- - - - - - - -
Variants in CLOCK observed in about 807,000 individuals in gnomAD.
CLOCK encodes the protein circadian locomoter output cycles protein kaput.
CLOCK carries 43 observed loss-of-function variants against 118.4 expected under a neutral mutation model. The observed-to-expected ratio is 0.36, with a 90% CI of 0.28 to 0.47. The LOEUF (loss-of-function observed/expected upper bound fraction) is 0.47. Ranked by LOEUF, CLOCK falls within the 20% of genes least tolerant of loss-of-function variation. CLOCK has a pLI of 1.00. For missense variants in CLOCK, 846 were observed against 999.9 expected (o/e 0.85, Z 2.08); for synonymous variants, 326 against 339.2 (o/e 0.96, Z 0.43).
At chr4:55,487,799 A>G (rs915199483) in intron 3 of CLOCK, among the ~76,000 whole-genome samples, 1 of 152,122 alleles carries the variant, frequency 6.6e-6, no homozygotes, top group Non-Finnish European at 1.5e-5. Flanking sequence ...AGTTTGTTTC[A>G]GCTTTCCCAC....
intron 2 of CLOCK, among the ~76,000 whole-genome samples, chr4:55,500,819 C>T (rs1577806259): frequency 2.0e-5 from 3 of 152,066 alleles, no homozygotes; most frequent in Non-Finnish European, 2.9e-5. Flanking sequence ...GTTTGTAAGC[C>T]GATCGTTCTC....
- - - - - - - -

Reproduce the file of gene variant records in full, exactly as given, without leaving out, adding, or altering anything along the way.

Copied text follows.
Variants in CLOCK observed in about 807,000 individuals in gnomAD.
CLOCK encodes the protein circadian locomoter output cycles protein kaput.
CLOCK carries 43 observed loss-of-function variants against 118.4 expected under a neutral mutation model. The observed-to-expected ratio is 0.36, with a 90% CI of 0.28 to 0.47. The LOEUF (loss-of-function observed/expected upper bound fraction) is 0.47. Ranked by LOEUF, CLOCK falls within the 20% of genes least tolerant of loss-of-function variation. CLOCK has a pLI of 1.00. For missense variants in CLOCK, 846 were observed against 999.9 expected (o/e 0.85, Z 2.08); for synonymous variants, 326 against 339.2 (o/e 0.96, Z 0.43).
At chr4:55,487,799 A>G (rs915199483) in intron 3 of CLOCK, among the ~76,000 whole-genome samples, 1 of 152,122 alleles carries the variant, frequency 6.6e-6, no homozygotes, top group Non-Finnish European at 1.5e-5. Flanking sequence ...AGTTTGTTTC[A>G]GCTTTCCCAC....
intron 2 of CLOCK, among the ~76,000 whole-genome samples, chr4:55,500,819 C>T (rs1577806259): frequency 2.0e-5 from 3 of 152,066 alleles, no homozygotes; most frequent in Non-Finnish European, 2.9e-5. Flanking sequence ...GTTTGTAAGC[C>T]GATCGTTCTC....